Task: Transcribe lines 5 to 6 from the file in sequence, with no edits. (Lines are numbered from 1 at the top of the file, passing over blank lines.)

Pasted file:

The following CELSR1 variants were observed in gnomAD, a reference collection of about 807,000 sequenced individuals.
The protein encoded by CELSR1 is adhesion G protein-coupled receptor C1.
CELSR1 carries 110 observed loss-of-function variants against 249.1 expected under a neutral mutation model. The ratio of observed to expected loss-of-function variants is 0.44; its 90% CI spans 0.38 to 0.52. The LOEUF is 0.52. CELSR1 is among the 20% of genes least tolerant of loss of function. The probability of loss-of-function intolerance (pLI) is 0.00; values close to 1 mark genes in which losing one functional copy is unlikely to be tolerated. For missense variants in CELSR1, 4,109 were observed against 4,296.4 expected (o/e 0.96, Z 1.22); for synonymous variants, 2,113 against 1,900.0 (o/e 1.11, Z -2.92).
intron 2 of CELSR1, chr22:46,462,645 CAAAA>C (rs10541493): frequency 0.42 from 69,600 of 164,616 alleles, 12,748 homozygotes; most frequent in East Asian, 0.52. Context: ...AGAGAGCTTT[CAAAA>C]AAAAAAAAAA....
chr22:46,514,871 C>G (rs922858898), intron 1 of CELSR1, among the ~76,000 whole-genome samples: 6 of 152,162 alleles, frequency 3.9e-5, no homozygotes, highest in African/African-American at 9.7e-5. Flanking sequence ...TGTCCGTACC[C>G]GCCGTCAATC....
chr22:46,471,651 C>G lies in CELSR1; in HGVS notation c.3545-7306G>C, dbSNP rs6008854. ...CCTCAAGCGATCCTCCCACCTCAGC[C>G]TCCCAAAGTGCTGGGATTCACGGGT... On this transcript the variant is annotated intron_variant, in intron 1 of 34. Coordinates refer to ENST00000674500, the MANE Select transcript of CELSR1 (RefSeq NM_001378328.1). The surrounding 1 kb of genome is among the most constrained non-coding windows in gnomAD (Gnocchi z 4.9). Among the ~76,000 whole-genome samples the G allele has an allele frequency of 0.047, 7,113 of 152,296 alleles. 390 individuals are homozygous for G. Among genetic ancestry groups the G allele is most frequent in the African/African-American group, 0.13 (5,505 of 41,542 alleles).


chr22:46,514,871 C>G (rs922858898), intron 1 of CELSR1, among the ~76,000 whole-genome samples: 6 of 152,162 alleles, frequency 3.9e-5, no homozygotes, highest in African/African-American at 9.7e-5. Flanking sequence ...TGTCCGTACC[C>G]GCCGTCAATC....
chr22:46,471,651 C>G lies in CELSR1; in HGVS notation c.3545-7306G>C, dbSNP rs6008854. ...CCTCAAGCGATCCTCCCACCTCAGC[C>G]TCCCAAAGTGCTGGGATTCACGGGT... On this transcript the variant is annotated intron_variant, in intron 1 of 34. Coordinates refer to ENST00000674500, the MANE Select transcript of CELSR1 (RefSeq NM_001378328.1). The surrounding 1 kb of genome is among the most constrained non-coding windows in gnomAD (Gnocchi z 4.9). Among the ~76,000 whole-genome samples the G allele has an allele frequency of 0.047, 7,113 of 152,296 alleles. 390 individuals are homozygous for G. Among genetic ancestry groups the G allele is most frequent in the African/African-American group, 0.13 (5,505 of 41,542 alleles).